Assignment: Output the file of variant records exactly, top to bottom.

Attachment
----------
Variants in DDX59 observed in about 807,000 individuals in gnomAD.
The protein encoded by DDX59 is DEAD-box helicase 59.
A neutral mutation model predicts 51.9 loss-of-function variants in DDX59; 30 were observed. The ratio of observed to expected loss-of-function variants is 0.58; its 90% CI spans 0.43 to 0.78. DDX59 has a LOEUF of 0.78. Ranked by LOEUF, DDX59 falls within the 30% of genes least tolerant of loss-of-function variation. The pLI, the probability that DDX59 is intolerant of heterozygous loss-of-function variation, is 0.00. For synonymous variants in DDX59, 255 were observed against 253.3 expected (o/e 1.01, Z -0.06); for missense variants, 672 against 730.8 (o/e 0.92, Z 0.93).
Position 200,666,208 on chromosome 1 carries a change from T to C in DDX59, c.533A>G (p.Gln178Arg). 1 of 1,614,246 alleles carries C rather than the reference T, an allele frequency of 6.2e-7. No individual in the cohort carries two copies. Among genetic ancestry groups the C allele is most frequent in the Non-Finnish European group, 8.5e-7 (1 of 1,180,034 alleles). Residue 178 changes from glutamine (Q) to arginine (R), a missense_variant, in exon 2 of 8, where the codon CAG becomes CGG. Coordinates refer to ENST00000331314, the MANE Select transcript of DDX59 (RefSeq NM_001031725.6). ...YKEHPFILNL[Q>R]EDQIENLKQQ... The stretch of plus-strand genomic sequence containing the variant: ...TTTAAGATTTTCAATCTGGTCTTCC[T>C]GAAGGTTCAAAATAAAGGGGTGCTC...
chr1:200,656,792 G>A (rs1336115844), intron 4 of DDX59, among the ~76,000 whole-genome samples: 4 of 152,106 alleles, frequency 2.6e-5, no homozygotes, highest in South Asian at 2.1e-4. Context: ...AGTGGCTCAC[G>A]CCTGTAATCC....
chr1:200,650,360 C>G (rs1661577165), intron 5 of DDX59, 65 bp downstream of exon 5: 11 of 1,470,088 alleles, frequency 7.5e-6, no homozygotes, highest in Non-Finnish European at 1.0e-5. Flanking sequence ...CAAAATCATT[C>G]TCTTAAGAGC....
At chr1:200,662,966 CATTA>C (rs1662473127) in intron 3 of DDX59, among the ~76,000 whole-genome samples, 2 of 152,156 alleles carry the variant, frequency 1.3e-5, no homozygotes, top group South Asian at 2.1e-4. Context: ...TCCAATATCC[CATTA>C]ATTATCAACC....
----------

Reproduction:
Variants in DDX59 observed in about 807,000 individuals in gnomAD.
The protein encoded by DDX59 is DEAD-box helicase 59.
A neutral mutation model predicts 51.9 loss-of-function variants in DDX59; 30 were observed. The ratio of observed to expected loss-of-function variants is 0.58; its 90% CI spans 0.43 to 0.78. DDX59 has a LOEUF of 0.78. Ranked by LOEUF, DDX59 falls within the 30% of genes least tolerant of loss-of-function variation. The pLI, the probability that DDX59 is intolerant of heterozygous loss-of-function variation, is 0.00. For synonymous variants in DDX59, 255 were observed against 253.3 expected (o/e 1.01, Z -0.06); for missense variants, 672 against 730.8 (o/e 0.92, Z 0.93).
Position 200,666,208 on chromosome 1 carries a change from T to C in DDX59, c.533A>G (p.Gln178Arg). 1 of 1,614,246 alleles carries C rather than the reference T, an allele frequency of 6.2e-7. No individual in the cohort carries two copies. Among genetic ancestry groups the C allele is most frequent in the Non-Finnish European group, 8.5e-7 (1 of 1,180,034 alleles). Residue 178 changes from glutamine (Q) to arginine (R), a missense_variant, in exon 2 of 8, where the codon CAG becomes CGG. Coordinates refer to ENST00000331314, the MANE Select transcript of DDX59 (RefSeq NM_001031725.6). ...YKEHPFILNL[Q>R]EDQIENLKQQ... The stretch of plus-strand genomic sequence containing the variant: ...TTTAAGATTTTCAATCTGGTCTTCC[T>C]GAAGGTTCAAAATAAAGGGGTGCTC...
chr1:200,656,792 G>A (rs1336115844), intron 4 of DDX59, among the ~76,000 whole-genome samples: 4 of 152,106 alleles, frequency 2.6e-5, no homozygotes, highest in South Asian at 2.1e-4. Context: ...AGTGGCTCAC[G>A]CCTGTAATCC....
chr1:200,650,360 C>G (rs1661577165), intron 5 of DDX59, 65 bp downstream of exon 5: 11 of 1,470,088 alleles, frequency 7.5e-6, no homozygotes, highest in Non-Finnish European at 1.0e-5. Flanking sequence ...CAAAATCATT[C>G]TCTTAAGAGC....
At chr1:200,662,966 CATTA>C (rs1662473127) in intron 3 of DDX59, among the ~76,000 whole-genome samples, 2 of 152,156 alleles carry the variant, frequency 1.3e-5, no homozygotes, top group South Asian at 2.1e-4. Context: ...TCCAATATCC[CATTA>C]ATTATCAACC....